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5 lid: Querying an ID Database by Token

The lid program accepts patterns on the command line which it matches against the tokens stored in an ID database. The interpretation of a pattern is determined by the makeup of the pattern string itself, or can be overridden by command-line options. If a pattern contains regular expression meta-characters, it is used to perform a regular-expression substring search. If no such meta-characters are present, pattern is used to perform a literal word search. (By default, all searches are sensitive to alphabetic case.) If no pattern is supplied on the command line, lid lists every entry in the ID database.

lid reads the ID database, therefore it accepts the ‘--file’ option, and consults the ‘IDPATH’ environment variable, as described in Reading options. lid lists file names, therefore it accepts the ‘--separator’ option, as described in File listing options.

In addition, lid accepts the following command-line options:

Ignoring differences in alphabetic case between the pattern and the tokens in the ID database.
Match pattern as a literal string. Use this option if pattern contains regular-expression meta-characters, but you don't wish to perform a regular-expression search.
Match pattern as an extended regular expression1. Use this option if no regular-expression expression meta-characters are present in pattern, but you wish to force a regular-expression search (note: in this case, a literal substring search might be faster).
Match pattern using a word-delimited (non substring) search. This is the default for literal searches.
Match pattern using a substring (non word-delimited) search. This is the default for regular expression searches.
-k style
Style can be one of ‘token’, ‘pattern’ or ‘none’. This option controls how the subject of the query is presented. This is best illustrated by example:
          $ lid --key=token '^dest.'
          destaddr       libsys/memcpy.c
          destination    libsys/regex.c
          destlst        libsys/rx.c
          destpos        libsys/rx.c
          destset        libsys/rx.h libsys/rx.c
          $ lid --key=pattern '^dest.'
          ^dest.         libsys/rx.h libsys/{memcpy,regex,rx}.c
          $ lid --key=none '^dest.'
          libsys/rx.h libsys/{memcpy,regex,rx}.c

When ‘--key’ is either ‘token’ or ‘pattern’, the first column of output is a token or pattern, respectively. When ‘--key’ is ‘none’, neither of these is printed, and the file name list begins immediately. The default is ‘token’.

-R style
Style can be one of ‘filenames’, ‘grep’, ‘edit’ or ‘none’. This option controls how the value associated with the query's key presented. When style is ‘filenames’, a list of file names is printed (this is the default). When style is ‘grep’, the lines that match pattern are printed in the same format as ‘egrep -n’. When style is ‘edit’, the file names are passed to an editor, and if possible pattern is passed as an initial search string (see eid invocation). When style is ‘none’, the file names are not processed in any way. This can be useful if you wish to see what tokens match a pattern, but don't care about where they reside.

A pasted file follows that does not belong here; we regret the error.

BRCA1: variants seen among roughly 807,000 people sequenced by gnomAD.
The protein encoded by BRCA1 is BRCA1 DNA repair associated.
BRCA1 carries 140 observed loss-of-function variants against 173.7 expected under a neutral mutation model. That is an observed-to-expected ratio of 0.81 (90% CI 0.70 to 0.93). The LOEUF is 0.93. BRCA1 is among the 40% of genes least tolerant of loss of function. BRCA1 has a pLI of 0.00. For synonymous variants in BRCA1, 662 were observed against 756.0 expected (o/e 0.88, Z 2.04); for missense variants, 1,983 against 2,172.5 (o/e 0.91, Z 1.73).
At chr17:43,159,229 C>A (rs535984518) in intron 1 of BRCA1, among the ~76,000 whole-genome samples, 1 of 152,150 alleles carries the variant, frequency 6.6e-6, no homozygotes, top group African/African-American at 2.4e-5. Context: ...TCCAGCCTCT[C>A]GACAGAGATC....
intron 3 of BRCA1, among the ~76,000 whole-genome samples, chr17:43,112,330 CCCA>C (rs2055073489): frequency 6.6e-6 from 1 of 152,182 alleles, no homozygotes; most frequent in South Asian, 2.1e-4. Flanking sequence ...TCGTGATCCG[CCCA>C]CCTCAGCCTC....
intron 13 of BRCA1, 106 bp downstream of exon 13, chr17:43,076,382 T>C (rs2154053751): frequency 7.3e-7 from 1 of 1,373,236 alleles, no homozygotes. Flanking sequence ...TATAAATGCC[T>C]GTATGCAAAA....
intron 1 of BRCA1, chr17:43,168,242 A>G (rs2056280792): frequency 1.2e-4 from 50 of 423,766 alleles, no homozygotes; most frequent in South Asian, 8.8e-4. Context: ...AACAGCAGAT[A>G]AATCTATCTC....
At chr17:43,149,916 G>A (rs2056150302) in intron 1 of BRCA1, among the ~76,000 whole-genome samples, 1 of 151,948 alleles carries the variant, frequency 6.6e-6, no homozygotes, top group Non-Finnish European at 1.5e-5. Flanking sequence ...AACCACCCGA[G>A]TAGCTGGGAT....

These options may be used in any combination to specify the radix of numeric matches. ‘-d’ allows matching on decimal numbers, ‘-o’ on octal numbers, and ‘-x’ on hexadecimal numbers. Any combination of these options may be used. The default is to match all three radixes.
-F range
Match tokens whose occurrence count falls in range. Range may be expressed as a single number n, or as a range n..m. Either limit of the range may be omitted (e.g., ..m, or n....). If the lower limit n is omitted, it defaults to 1. If the upper limit is omitted, it defaults in the present implementation to 65535, the maximum value of an unsigned 16-bit integer.

Particularly useful queries are ‘lid -F1’, which helps locate identifiers that are defined but never used, or are used but never defined. Similarly, lid -F2 can help find functions that possess a prototype declaration and a definition, but are never called.

-a number
List identifiers (not numbers) that are ambiguous for the first number characters. This feature might be in useful when porting programs to ancient pea-brained compilers that don't support long identifier names. However, the best long-term option is to set such systems on fire.


[1] Extended regular expressions are the same as those accepted by egrep.